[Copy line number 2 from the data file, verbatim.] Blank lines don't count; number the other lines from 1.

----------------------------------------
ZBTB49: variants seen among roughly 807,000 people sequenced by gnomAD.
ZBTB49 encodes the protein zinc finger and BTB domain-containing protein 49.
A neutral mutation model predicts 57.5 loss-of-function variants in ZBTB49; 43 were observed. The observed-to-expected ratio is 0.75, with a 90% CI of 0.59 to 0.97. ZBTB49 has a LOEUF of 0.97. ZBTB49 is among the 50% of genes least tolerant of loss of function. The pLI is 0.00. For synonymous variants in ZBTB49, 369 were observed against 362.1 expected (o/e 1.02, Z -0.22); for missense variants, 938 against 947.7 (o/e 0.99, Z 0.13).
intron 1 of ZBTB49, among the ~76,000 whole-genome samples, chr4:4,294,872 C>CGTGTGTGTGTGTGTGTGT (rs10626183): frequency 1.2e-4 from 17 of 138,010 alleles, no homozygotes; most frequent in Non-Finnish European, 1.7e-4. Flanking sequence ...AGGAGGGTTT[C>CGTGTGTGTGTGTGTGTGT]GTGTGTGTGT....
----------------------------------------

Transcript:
ZBTB49 encodes the protein zinc finger and BTB domain-containing protein 49.